Jonathan S Abernethy, S Gale Dick, and Christian R Everdell authored an article titled “The Department of Justice’s new ‘piling on’ policy” for the International Bar Association’s October 2018 Criminal Law and Business Crime Newsletter.
This article first appeared on the website of the Criminal Law Committee of the Legal Practice Division of the International Bar Association, and is reproduced by kind permission of the International Bar Association, London, UK. © International Bar Association.
Christian Everdell analyzes the potential implications on the regulation of cryptocurrency as a result of Ryan Coffey v. Ripple Labs, Inc. in his latest article for Law360.
Mark S Cohen explores the international regulatory landscape in an article titled, "Managing the Risks of Cross-Border Investigations for Israeli Businesses," published in the Israel Desks Guide from Nishlis Legal Marketing.
Even start-ups are being disrupted! In this article, C&G counsel Christian Everdell examines the SEC’s role in regulating Initial Coin Offerings.
This article addresses one aspect of the United States’ multi-faceted campaign to recover income taxes and penalties on undisclosed offshore accounts – the U.S. Department of Justice’sinvestigation and criminal prosecution of foreign banks that are alleged to have opened and maintained accounts for U.S. taxpayers. The Department of Justice has argued that by enabling U.S taxpayers to open and maintain accounts that the taxpayers did not report to the Internal Revenue Service, the banks participated in efforts to defraud the United States of taxes owed on the accounts. The authors examine in particular the impact of the Department of Justice’s Program for Swiss Banks, a voluntary disclosure program negotiated with the Swiss government in which about 100 Swiss banks registered to participate, the extraordinary information being collected, and assess other countries that may become the next focus of investigation.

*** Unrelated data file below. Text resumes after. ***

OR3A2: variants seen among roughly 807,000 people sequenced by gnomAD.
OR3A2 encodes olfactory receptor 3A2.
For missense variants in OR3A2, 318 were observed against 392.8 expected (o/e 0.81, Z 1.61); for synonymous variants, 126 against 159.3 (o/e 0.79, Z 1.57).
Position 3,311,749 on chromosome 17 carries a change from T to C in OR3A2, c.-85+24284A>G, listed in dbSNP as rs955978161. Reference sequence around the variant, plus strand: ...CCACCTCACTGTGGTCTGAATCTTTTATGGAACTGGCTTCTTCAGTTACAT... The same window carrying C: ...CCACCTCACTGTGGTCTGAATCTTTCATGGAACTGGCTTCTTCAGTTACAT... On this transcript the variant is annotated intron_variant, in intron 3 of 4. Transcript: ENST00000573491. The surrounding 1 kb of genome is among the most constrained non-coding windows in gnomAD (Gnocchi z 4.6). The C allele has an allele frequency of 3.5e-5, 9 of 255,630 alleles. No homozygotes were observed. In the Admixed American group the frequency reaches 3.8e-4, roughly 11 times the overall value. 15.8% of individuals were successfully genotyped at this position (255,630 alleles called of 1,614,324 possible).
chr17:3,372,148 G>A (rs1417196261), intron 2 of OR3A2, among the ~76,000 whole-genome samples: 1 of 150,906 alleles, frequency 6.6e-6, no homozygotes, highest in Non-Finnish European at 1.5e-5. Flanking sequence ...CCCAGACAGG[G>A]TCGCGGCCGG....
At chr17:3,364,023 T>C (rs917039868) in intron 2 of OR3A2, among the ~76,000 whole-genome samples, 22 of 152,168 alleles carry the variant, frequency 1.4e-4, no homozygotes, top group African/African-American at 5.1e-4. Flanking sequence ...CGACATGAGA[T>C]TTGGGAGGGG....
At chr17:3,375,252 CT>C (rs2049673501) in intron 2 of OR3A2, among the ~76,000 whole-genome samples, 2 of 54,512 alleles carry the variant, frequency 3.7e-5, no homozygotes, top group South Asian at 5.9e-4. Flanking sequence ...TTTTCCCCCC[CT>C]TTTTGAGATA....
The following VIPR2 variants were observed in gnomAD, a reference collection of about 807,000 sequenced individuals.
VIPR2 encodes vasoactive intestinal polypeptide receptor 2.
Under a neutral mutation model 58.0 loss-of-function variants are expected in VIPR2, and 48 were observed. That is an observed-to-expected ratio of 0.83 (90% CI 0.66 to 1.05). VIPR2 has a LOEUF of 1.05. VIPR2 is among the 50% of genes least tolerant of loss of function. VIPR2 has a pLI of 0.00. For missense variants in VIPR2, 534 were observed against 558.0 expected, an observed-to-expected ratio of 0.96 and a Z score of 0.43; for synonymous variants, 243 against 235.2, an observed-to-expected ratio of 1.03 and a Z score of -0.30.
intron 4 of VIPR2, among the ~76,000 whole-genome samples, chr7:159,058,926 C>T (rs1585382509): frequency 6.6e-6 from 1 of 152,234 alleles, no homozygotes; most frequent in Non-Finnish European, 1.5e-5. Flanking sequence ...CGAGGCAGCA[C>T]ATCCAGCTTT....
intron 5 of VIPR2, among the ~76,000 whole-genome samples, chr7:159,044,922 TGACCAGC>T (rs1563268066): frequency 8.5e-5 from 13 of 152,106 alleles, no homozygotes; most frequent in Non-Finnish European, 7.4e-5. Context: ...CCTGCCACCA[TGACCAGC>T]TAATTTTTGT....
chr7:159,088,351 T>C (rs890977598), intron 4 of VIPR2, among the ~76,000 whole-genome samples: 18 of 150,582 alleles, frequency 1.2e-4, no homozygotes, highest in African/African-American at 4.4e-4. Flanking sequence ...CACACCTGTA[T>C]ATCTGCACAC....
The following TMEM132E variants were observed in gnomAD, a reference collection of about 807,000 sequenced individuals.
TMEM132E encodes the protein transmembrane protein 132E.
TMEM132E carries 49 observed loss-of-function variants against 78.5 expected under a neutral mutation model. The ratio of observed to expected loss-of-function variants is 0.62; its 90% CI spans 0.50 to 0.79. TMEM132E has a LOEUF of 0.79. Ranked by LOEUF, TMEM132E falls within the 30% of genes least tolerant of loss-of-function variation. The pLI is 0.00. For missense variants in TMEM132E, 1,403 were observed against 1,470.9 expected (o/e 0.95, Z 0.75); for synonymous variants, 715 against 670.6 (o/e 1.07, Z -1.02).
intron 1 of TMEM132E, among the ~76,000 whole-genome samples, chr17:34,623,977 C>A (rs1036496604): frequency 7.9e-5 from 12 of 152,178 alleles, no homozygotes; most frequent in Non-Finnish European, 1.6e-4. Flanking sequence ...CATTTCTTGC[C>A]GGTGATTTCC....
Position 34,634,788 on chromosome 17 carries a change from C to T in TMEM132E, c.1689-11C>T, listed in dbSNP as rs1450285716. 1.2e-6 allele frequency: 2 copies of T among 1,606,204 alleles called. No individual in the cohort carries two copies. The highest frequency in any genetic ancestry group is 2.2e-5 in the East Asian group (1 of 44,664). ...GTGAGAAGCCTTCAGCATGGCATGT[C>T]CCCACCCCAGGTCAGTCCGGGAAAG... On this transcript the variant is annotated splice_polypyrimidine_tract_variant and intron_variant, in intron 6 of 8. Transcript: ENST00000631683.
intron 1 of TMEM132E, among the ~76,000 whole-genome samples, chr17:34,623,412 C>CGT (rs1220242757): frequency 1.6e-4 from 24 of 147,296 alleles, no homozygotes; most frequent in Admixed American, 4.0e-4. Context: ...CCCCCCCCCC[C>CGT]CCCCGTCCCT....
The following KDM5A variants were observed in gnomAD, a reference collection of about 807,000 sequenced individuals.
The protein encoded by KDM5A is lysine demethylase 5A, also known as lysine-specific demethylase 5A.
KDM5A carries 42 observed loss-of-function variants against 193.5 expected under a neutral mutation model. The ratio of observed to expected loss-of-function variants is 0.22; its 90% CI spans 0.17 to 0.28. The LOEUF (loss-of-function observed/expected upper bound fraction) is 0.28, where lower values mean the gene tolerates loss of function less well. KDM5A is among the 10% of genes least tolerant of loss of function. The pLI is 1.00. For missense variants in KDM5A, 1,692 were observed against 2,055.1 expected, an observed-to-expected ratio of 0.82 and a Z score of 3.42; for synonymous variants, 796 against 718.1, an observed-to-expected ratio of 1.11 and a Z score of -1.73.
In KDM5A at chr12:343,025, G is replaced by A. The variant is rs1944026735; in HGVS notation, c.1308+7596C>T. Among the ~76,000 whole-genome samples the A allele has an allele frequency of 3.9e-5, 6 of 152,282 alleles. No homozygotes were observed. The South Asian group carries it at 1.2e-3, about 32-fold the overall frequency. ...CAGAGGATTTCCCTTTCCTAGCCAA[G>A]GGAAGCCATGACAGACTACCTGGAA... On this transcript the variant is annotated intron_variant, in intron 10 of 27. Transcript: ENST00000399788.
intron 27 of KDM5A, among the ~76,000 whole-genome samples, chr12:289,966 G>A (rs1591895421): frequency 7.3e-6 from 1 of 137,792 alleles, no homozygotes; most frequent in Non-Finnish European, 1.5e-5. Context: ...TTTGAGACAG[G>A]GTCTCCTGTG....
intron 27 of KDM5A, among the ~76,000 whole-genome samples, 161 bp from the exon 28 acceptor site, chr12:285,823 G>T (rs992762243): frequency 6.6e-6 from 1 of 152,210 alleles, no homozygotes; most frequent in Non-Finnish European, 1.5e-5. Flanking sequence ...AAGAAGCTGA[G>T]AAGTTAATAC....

This article outlines some considerations to keep in mind in identifying jurors who may be more or less receptive to common trial themes in health care industry cases. Topics include juror attitudes toward industry and the medical profession, views of government and its role in health care, and more general personality traits and methodologies that may influence jurors’ analysis of key recurring issues.
Partner Muriel Goldberg-Darmon spoke to visiting Law and International Management students about the annual controls and investigations carried out by the Autorité des marchés finaciers (AMF). This was the first session of HEC Paris DMI’s Law Project titled “Market Abuse.”
Partner Chris Everdell spoke about cryptocurrencies, blockchain, and ICO enforcement actions as a guest lecturer at the Computer Crime Law class at Harvard Law School.
Christian Everdell participated on the "Focus on CryptoCurrency: How to Identify Transactions that are Using Digital Currency to Avoid U.S. Sanctions" panel at the ACI's 11th Flagship Conference on Economic Sanctions: Enforcement & Compliance. The panel discussed how new payment methods are challenging the existing banking system for risk and compliance, how non-US companies use digital currency to avoid US sanctions rules, and how financial institutions can protect themselves.
Jon participated in a panel at the IBA’s 20th Annual Transnational Crime Conference in Lisbon, Portugal. The panel, entitled “The Right to Silence When Everyone Else Is Talking,” examined the right against self-incrimination from the perspective of several countries in a world of increased cross-border information sharing between investigators, regulators, and prosecuting authorities.
Experiential legal learning platform AltaClaro has partnered with international law firm Cohen & Gresser, LLP to host a live online panel to discuss current trends in anti-money laundering enforcement. The panel is complimentary for in-house counsel, white-collar and regulatory attorneys, and compliance professionals.
- Genesis of the law
- Apprehending the risks in a company
- Deployment of compliance programs within a company
- Protection of whistleblowers
- The new mechanism of transaction (differed prosecution agreement)
- The monitoring process
- Final remarks by the vice president of the Assemblée Nationale.
Melissa was a panelist at this event.